In the scandal surrounding Rundfunk Berlin-Brandenburg, which began in the summer with revelations about the behavior of director Patricia Schlesinger, who has since been fired without notice, it is easy to lose track of things. It was and is about Schlesinger’s salary, her expenses, business meals, costs for the office conversion, contracts with real estate consultants, the planned “digital media house”, bonus payments for the entire top broadcaster and the network in which Schlesinger, her husband, the former “Spiegel” journalist Gerhard Spörl, and the former RBB chairman of the board of directors Wolf-Dieter Wolf are believed to have been stuck. The Berlin public prosecutor’s office is investigating on suspicion of fraud and the acceptance of benefits, the accused deny the allegations, the affair has plunged the entire ARD into a crisis.
A sophisticated enrichment system
That’s one side of the medal. The other is the enrichment system, in which not only Schlesinger was involved, but which seems to have shaped the management at RBB in general, even before Schlesinger’s time, which then really saddled up again. This is indicated by the financial all-round carefree protection of top employees who no longer work for the station, but still receive money. Recently it became known that the former RBB editor-in-chief Christoph Singelnstein, who was replaced prematurely in March 2021, is entitled to a pension and a consulting contract on top of that, so that he comes to 15,000 euros a month as a private individual without having to pay for the RBB having to lift a finger.
The magazine “Kontraste”, produced by the RBB, uncovered two other departures with a financial cushion. As a result, the former head of culture at the broadcaster, Stephan Abarbanell, retired early in 2021 and, according to an age-old regulation that dates back to the days of the broadcaster Freies Berlin (SFB) – the SFB was merged with Ostdeutscher Rundfunk Brandenburg to form RBB in 2003 – seventy Percent of the last gross, which in his case amounts to 7800 euros. In order to benefit from this early retirement, however, the head of culture had to be downgraded from being highly paid to a collectively bargained employee. He agreed to this as part of a termination agreement, “Contrasts” quotes the former head of culture and politely does not call him by name. As far as early retirement is concerned, “Contrasts” names two other cases: the former managing director of a subsidiary of RBB, who left in 2018 at the age of 57 and is now endowed with around 100,000 euros a year, and the former auditor of the station, who received an early retirement benefit of is also on the road for 7800 euros a month. A total of 54 RBB employees have taken early retirement in the last five years, 29 of them were under the age of 62. In 2021, RBB employed a total of 2,058 permanent employees.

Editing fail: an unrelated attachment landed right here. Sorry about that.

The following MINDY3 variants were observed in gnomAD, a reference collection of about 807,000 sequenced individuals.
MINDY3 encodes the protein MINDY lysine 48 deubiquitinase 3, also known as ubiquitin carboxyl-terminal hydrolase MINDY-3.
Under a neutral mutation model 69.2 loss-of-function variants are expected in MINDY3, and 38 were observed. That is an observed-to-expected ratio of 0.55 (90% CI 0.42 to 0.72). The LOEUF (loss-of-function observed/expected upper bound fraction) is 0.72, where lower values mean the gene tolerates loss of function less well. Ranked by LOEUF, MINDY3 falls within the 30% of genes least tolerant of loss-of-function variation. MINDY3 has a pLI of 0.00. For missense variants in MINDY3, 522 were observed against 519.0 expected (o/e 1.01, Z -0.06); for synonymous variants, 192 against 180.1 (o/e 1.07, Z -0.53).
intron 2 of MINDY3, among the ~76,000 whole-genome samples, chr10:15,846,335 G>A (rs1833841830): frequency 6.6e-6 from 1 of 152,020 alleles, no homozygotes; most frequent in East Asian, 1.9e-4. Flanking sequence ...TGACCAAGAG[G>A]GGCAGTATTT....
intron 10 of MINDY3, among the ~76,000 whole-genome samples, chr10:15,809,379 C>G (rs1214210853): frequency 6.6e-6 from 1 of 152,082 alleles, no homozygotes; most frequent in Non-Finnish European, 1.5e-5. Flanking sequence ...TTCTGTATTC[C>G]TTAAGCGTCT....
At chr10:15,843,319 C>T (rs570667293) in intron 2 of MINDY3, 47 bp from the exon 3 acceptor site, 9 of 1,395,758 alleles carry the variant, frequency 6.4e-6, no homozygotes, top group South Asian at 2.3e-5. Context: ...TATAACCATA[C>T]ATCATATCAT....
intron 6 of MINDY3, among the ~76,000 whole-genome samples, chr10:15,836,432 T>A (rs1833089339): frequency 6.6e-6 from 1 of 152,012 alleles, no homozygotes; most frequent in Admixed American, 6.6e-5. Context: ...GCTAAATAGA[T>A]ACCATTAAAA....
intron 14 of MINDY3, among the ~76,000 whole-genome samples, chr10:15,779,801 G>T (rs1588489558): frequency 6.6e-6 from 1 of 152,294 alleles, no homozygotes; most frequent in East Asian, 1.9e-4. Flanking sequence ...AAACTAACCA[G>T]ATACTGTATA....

Half a million “pensions”
In addition to early retirement and consulting contracts, there is a third option in the public-law system for higher-ranking people to get money without having to work for it: the pension. These are amounts that you receive after the end of your contract and before you retire. According to “Contraste”, the former RBB program director Claudia Nothelle also receives such a pension. She was once traded as a director candidate. At the beginning of 2017, as soon as Patricia Schlesinger took over as artistic director, Nothelle (whose name also omits “contrasts”, although everyone knows who is meant) left. She allegedly left, as it was said at the time, of her own volition. Today she is a professor for television journalism at the Magdeburg-Stendal University of Applied Sciences. Since her departure, according to “Contrasts”, “at the age of 53, the former director has received a pension”. Documents showed that she currently receives around 8,200 euros per month. In total, RBB has paid them around half a million euros so far. The journalism professor did not want to comment on the presentation of “Contrasts”. After her “leaving from RBB, secrecy was agreed, I’ll stick to that,” she is quoted as saying.
The pension, it is said, is not an invention of the RBB, but has a tradition and goes back to the old days of the SFB. And so the RBB currently pays a former SFB director 13,100 euros a month pension, the widow of another director receives around 9500 euros a month – pension.